Timexpo, the Waterbury CT museum that celebrates all things Timex, is going to close at the end of September.
Not enough people bother to visit, says the company, which is headquartered in nearby Middlebury. Oddly enough, the facility has the largest elevator I have ever seen. According to the operating certificate posted inside it, the capacity is 7700 pounds. Figuring a mathematically tidy 200 pounds per person, that’s 38 people. I doubt that many people see it in a whole day.
With its location, tucked up close to an elevated section of Interstate 84 and a seen-better-days shopping center in an un-trendy section of downtown Waterbury, I am not surprised that few people visit it. Even armed with an address, a GPS, and the specific intent to go there, I had trouble getting to it. Just seeing the building and the massive replica of an Easter Island moai statue that stands next to it from the Interstate isn’t easy. You need to be looking in that direction in the very short period of time it is visible as you speed by, especially when the trees are full of leaves.
And while having a 40-foot representation of a Pacific island inhabitant is helpful for visibility, it certainly doesn’t scream out Timex museum. Why is it there? Well, it’s because the Timex owners in Norway (the Olsens) were friends and financial backers of Thor Heyerdahl, the Norwegian adventurer most popularly known for his 5,000-mile voyage in 1947 across the Pacific in the Kon-Tiki from South America to the Tuamotu Islands to demonstrate that ancient people could have made long sea voyages.
Nearly a third of Timexpo’s space celebrates Heyerdahl’s life and work, and it seems out of place. Fortunately, John Cameron Swayze’s famed tagline “It takes a licking and keeps on ticking” is well represented by what appears to be the actual water tank from the TV commercial, complete with the Johnson outboard with the Timex strapped onto one of the propeller blades. Mickey Mouse watches are displayed prominently too. And of course there is the obligatory store filled with watches, reminiscent of my visit to the Pez factory last year.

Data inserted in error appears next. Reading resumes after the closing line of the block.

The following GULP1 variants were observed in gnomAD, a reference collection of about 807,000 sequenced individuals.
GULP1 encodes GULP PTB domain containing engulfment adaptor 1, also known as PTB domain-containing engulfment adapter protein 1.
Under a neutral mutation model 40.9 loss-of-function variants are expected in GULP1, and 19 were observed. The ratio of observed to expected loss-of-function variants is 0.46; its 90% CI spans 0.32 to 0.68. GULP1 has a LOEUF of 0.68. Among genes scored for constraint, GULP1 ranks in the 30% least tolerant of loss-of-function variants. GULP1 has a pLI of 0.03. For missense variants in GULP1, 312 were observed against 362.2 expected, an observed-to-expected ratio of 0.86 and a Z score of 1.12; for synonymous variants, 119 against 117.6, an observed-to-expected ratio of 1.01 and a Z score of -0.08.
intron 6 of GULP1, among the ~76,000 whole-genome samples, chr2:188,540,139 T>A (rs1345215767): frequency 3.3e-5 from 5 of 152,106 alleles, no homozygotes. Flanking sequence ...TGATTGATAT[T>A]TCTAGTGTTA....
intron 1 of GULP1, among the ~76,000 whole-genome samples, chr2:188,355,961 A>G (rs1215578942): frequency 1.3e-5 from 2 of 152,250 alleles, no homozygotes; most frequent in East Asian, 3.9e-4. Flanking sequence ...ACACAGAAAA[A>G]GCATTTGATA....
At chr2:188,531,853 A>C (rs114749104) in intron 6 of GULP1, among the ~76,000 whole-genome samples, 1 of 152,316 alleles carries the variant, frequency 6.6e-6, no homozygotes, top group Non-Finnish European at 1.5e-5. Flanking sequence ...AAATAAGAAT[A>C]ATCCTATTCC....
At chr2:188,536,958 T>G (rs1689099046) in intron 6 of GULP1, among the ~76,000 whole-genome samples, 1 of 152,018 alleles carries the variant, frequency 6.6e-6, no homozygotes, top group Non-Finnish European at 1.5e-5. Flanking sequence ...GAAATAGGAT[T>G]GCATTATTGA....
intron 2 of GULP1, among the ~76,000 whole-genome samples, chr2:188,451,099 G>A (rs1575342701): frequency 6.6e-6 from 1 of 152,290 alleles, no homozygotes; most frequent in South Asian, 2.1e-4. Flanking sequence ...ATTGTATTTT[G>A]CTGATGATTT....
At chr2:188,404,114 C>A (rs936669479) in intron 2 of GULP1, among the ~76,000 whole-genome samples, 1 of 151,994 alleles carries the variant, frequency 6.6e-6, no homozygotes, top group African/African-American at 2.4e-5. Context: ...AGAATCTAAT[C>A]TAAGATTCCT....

The history of the company is long, and a recounting of it is saved from being tedious only because Mickey Mouse came to its rescue during the Great Depression.
It began in 1857 as the Waterbury Clock Company, an operation designed to be a major user of brass produced by its parent firm, the Benedict & Burnham Manufacturing Company. It soon became a large clock producer and after 1890 it also became a major manufacturer of non-jeweled pocket watches, supplying R. H. Ingersoll & Brother, a major mail order firm (the famous ‘dollar pocket watches’). Expansions between 1900 and 1915 made it the largest clock manufacturing facility in America and in 1922, the Waterbury Clock Company purchased the Ingersoll operation.
But it began to slide. By 1929, with the company close to financial ruin, executives spent the then-enormous sum of $1,500 to Disney for the exclusive right to put Mickey Mouse on a watch. It was a risk. The mouse had only been introduced the previous year. But it paid off big time.
In 1933, Mickey Mouse watches were introduced at the Chicago World’s Fair. According to the display at the museum, huge sales of Mickey Mouse watches were directly responsible for the re-employment of hundreds of former workers. The workforce grew from 300 to nearly 3,000 during the depression years of 1933 and 1935 and the company was saved.
After America entered World War II, the Ingersoll-Waterbury Company switched to manufacturing war products. In 1942, the operation was purchased by a group of Norwegian investors and in a couple years the firm became known as United States Time Corporation and introduced the popular “Timex” watch shortly after the war. In 1969, U.S. Time became Timex Corporation.
Disclaimer: I am a long-time Timex owner, having owned a series of nearly identical Indiglo models (they keep on ticking, but the crown on the stem gets worn down, necessitating a new one every decade or so). The clock in the tower of the former brass mill that houses the museum is actually the largest Indiglo clock face in the world.